At many Chinese restaurants in the United States, there’s a special dish called shark fin soup. It’s expensive — a delicacy and status symbol in Chinese culture that’s served during banquets.
The soup is a hotly debated item in both the scientific and political communities, and it’s illegal in 12 states, including Hawaii, Illinois and Texas.
Now, Congress is once again considering a federal ban on the shark fin trade.
Two bipartisan bills, one in the House and one in the Senate, would make it illegal to possess, buy, sell or transport shark fins in the United States. House and Senate politicians introduced similar bills last year, but they didn’t make it out of committee.
The new Senate bill asserts that many shark populations are in peril worldwide, and that some fishermen harvest shark fins by finning, a “cruel practice in which the fins of a shark are cut off” on a ship at sea, and the rest of the animal is “then thrown back into the water to drown, starve or die a slow death.”
A 2013 study in the journal Marine Policy estimates that between 63 and 273 million sharks are killed each year, including those killed for their fins.
But not all scientists agree that banning shark fins would be the way to protect sharks. Last month, two marine biologists wrote in Marine Policy that a ban would not prevent sharks from being killed worldwide.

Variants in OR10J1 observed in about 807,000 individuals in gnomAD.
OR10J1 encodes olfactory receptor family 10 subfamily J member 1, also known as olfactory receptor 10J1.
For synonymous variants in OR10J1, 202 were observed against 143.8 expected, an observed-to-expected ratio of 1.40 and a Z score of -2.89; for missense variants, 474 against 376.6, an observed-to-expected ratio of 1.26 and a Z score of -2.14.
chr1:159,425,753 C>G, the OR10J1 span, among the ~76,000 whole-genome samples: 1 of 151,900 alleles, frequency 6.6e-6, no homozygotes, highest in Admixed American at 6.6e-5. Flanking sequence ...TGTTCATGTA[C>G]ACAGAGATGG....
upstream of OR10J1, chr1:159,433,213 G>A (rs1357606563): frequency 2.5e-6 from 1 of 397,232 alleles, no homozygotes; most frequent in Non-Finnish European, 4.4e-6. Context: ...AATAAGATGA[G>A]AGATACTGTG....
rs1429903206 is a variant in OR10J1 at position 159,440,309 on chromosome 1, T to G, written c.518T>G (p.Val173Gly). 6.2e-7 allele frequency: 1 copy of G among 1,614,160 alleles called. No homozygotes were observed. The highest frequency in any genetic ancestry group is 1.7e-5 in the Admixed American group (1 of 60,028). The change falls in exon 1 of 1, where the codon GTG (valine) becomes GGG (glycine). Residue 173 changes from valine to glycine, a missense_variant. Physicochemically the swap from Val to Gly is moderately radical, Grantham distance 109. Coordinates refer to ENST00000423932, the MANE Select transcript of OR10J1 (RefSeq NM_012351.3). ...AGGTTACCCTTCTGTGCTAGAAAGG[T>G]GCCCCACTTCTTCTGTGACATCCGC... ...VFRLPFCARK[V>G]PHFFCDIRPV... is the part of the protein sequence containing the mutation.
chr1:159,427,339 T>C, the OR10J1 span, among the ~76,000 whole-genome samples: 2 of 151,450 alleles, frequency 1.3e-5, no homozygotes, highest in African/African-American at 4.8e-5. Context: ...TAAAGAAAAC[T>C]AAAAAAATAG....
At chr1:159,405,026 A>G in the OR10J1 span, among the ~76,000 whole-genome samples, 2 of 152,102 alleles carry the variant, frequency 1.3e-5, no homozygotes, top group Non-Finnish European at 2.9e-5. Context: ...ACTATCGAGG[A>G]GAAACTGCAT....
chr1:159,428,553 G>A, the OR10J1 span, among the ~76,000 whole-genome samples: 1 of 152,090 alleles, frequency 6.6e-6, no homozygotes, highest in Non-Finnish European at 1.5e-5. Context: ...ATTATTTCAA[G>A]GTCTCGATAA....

David Shiffman, a marine biologist who co-wrote the article, studies sharks at Simon Fraser University in British Columbia, Canada. He says that shark fisheries in the U.S. harvest sharks sustainably, shark finning has already been banned, and if the U.S. just withdraws from the shark trade altogether, it’ll be harder to encourage other countries to follow the U.S. lead in adopting the same kinds of policies.
“It’s a lot easier to say, ‘You should do it this way, see we’re doing it and it works,’ than it is to say, ‘You should do it this way, pay no attention to the fact that we’re not involved anymore,’ ” he says.
Scientist Neil Hammerschlag of the University of Miami pushes back on that argument, explaining that the U.S. can only lead by example for countries that have the same resources that the U.S. does, including infrastructure to enforce fisheries management.
“But the same policies would not work in some of the big fishing countries which don’t really have the capacity,” he says.
Several conservation groups, including the nonprofit Oceana, responded to Shiffman’s article against the ban in Marine Policy, saying that if the U.S. allows imports of shark fins from countries that don’t have sustainable practices, like Myanmar and China, then it is “complicit in the catch of at-risk species and condoning their lack of finning regulations.” They say they support the bill because it aims to eliminate U.S. demand for shark fins altogether.
Lora Snyder, an Oceana campaign director for responsible fishing and sharks, explains why she thinks the U.S. should just get out of the global fin trade altogether: